Japanese Finance Minister Jun Azumi said he supported US nominee Jim Yong Kim’s bid to lead the World Bank.
Kim’s work on HIV/AIDS in the WHO shows the 52-year-old physician has expertise on developing nation issues, Azumi said yesterday.
“He is a highly competent individual who spearheaded efforts and contributed to AIDS issues,” Azumi told reporters yesterday in Tokyo after meeting Kim. “We judge he’s an appropriate candidate for the World Bank and support his bid.”
Kim was head of the Department of Global Health and Social Medicine at Harvard Medical School and also served as director of the WHO’s HIV/AIDS department. In 1987, he co-founded Partners in Health, a nonprofit organization that has opened clinics in countries including Haiti and Peru.
Before meeting Azumi, Kim also met with Chinese Vice Premier Wang Qishan (王祈山) in Shaoxing, China, as part of a global tour to solicit “priorities and ideas” for the bank’s future, according to a statement on Saturday from the US Department of the Treasury.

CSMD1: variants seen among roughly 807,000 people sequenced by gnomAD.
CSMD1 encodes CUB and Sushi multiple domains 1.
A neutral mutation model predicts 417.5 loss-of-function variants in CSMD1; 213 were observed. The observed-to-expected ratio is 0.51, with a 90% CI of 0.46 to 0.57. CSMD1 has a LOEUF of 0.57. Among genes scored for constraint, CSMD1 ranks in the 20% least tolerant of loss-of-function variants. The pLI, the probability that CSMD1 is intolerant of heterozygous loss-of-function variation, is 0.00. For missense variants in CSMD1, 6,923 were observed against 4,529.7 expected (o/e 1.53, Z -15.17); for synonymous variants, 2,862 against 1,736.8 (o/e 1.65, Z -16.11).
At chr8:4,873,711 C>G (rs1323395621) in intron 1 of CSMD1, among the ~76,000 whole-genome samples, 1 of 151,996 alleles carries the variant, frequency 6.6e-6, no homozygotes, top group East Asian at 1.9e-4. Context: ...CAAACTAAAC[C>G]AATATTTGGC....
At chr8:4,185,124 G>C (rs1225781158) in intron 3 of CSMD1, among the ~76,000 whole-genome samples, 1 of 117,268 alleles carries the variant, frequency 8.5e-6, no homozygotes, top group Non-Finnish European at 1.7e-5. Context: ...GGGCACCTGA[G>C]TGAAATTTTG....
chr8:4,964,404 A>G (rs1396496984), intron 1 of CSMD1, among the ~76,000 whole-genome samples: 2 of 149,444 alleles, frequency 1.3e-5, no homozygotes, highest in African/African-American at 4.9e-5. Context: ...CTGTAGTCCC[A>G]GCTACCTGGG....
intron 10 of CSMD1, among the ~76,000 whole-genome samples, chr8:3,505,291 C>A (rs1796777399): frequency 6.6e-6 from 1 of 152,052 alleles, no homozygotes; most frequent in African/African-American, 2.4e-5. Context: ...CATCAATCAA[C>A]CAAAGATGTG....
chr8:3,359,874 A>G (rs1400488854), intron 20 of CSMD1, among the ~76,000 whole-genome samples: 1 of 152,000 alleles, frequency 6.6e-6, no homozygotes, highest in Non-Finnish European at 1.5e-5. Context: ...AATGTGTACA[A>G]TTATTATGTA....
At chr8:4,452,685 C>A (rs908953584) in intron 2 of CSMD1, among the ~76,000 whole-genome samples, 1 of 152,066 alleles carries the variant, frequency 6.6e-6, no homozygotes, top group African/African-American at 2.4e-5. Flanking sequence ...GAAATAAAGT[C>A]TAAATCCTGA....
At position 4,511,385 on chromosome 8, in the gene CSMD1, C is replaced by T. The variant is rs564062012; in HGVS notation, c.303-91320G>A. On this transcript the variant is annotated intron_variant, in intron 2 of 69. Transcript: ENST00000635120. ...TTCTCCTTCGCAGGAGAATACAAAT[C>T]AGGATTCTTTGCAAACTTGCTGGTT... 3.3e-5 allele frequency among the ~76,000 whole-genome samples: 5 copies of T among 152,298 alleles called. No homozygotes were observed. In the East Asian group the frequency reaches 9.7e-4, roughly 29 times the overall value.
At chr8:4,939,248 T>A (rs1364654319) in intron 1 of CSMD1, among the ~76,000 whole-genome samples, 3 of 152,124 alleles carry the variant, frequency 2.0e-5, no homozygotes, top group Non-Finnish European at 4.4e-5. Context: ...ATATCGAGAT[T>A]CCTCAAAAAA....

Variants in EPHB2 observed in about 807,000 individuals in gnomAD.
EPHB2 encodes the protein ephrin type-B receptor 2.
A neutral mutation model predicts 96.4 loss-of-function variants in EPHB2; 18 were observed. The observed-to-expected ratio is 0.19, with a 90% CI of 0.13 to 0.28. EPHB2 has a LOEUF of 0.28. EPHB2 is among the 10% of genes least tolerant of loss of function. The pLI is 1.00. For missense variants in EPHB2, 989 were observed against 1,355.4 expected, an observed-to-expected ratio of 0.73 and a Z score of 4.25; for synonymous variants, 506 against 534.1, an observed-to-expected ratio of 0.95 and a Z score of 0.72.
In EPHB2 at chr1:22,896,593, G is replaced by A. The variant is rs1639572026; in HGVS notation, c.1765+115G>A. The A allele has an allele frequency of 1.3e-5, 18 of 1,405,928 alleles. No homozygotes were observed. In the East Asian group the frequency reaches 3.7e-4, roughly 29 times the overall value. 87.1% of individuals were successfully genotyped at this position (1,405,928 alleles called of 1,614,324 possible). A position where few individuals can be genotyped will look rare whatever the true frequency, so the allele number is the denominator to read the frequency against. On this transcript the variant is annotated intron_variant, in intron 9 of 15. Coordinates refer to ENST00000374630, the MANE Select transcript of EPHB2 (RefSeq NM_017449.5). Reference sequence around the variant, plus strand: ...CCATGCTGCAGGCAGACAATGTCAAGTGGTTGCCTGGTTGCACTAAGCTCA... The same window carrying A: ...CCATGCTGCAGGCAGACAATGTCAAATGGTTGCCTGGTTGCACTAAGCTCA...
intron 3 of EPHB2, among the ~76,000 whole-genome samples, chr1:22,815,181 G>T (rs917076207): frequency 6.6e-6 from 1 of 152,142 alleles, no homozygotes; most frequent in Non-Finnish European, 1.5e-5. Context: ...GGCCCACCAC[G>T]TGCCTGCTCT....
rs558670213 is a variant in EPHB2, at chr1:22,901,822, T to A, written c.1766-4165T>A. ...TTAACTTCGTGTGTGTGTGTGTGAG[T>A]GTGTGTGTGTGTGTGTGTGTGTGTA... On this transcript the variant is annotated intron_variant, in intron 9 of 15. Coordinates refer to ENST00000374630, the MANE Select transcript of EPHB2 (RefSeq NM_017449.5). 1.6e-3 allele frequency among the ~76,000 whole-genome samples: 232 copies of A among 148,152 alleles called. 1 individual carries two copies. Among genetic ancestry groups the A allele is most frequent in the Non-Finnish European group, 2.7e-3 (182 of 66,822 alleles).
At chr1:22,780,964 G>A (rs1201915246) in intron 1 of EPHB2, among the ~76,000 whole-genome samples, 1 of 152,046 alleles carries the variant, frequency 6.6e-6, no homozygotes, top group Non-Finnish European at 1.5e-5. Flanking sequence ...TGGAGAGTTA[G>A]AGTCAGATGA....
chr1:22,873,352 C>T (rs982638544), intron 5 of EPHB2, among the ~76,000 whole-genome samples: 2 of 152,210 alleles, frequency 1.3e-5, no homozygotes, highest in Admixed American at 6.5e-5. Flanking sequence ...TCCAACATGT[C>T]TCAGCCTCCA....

The World Bank plans to pick its new president on April 16 after interviewing the three candidates for the post the previous week, according to three officials on the lender’s board.
Nigerian Finance Minister Ngozi Okonjo-Iweala is scheduled to meet the 25-person board on April 9, according to the officials, who spoke on condition of anonymity because the dates have not been made public. Former Colombian finance minister Jose Antonio Ocampo is to be interviewed on April 10, followed by Kim on April 11, the officials said.
The candidacies of Ocampo and Okonjo-Iweala are a challenge to US control of the job under an informal agreement that also gives the leadership of the IMF to a European. The US is the bank’s largest shareholder, and an American has always held the top job.
Ocampo, in a phone interview last week, said he and Okonjo-Iweala have a chance to win if the selection “respects the rules of being an open, transparent process based on merit.”
“Maybe it will not change this time, but in that case we’re putting up the fight so that that system will be changed forever,” Ocampo said.
The new president will succeed World Bank President Robert Zoellick, whose term ends on June 30. The new president will take over an institution that lent US$57 billion last year, as private investors step up their funding for development projects, turning the World Bank into more of a technical adviser.